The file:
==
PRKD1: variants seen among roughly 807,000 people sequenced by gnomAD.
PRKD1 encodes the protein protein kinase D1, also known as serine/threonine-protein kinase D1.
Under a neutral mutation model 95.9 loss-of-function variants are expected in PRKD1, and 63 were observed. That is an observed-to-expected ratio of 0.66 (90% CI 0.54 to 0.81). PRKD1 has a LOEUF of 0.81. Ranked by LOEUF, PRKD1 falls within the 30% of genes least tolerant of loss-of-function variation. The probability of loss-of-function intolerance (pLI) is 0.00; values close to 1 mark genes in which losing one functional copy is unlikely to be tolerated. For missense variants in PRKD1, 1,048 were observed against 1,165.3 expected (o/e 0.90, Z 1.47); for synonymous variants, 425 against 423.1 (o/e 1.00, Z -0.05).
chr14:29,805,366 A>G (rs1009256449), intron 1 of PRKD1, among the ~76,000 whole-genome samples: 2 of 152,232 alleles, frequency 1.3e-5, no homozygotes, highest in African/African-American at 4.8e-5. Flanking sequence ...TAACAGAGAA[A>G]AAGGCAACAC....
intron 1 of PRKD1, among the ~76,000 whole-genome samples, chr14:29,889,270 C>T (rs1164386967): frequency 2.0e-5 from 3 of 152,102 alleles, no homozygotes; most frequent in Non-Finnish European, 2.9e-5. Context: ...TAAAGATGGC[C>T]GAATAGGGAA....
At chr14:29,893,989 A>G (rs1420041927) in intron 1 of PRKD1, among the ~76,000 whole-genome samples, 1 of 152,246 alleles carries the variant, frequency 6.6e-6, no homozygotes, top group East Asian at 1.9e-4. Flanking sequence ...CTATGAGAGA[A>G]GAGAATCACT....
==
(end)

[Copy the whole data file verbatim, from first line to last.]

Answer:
PRKD1: variants seen among roughly 807,000 people sequenced by gnomAD.
PRKD1 encodes the protein protein kinase D1, also known as serine/threonine-protein kinase D1.
Under a neutral mutation model 95.9 loss-of-function variants are expected in PRKD1, and 63 were observed. That is an observed-to-expected ratio of 0.66 (90% CI 0.54 to 0.81). PRKD1 has a LOEUF of 0.81. Ranked by LOEUF, PRKD1 falls within the 30% of genes least tolerant of loss-of-function variation. The probability of loss-of-function intolerance (pLI) is 0.00; values close to 1 mark genes in which losing one functional copy is unlikely to be tolerated. For missense variants in PRKD1, 1,048 were observed against 1,165.3 expected (o/e 0.90, Z 1.47); for synonymous variants, 425 against 423.1 (o/e 1.00, Z -0.05).
chr14:29,805,366 A>G (rs1009256449), intron 1 of PRKD1, among the ~76,000 whole-genome samples: 2 of 152,232 alleles, frequency 1.3e-5, no homozygotes, highest in African/African-American at 4.8e-5. Flanking sequence ...TAACAGAGAA[A>G]AAGGCAACAC....
intron 1 of PRKD1, among the ~76,000 whole-genome samples, chr14:29,889,270 C>T (rs1164386967): frequency 2.0e-5 from 3 of 152,102 alleles, no homozygotes; most frequent in Non-Finnish European, 2.9e-5. Context: ...TAAAGATGGC[C>T]GAATAGGGAA....
At chr14:29,893,989 A>G (rs1420041927) in intron 1 of PRKD1, among the ~76,000 whole-genome samples, 1 of 152,246 alleles carries the variant, frequency 6.6e-6, no homozygotes, top group East Asian at 1.9e-4. Flanking sequence ...CTATGAGAGA[A>G]GAGAATCACT....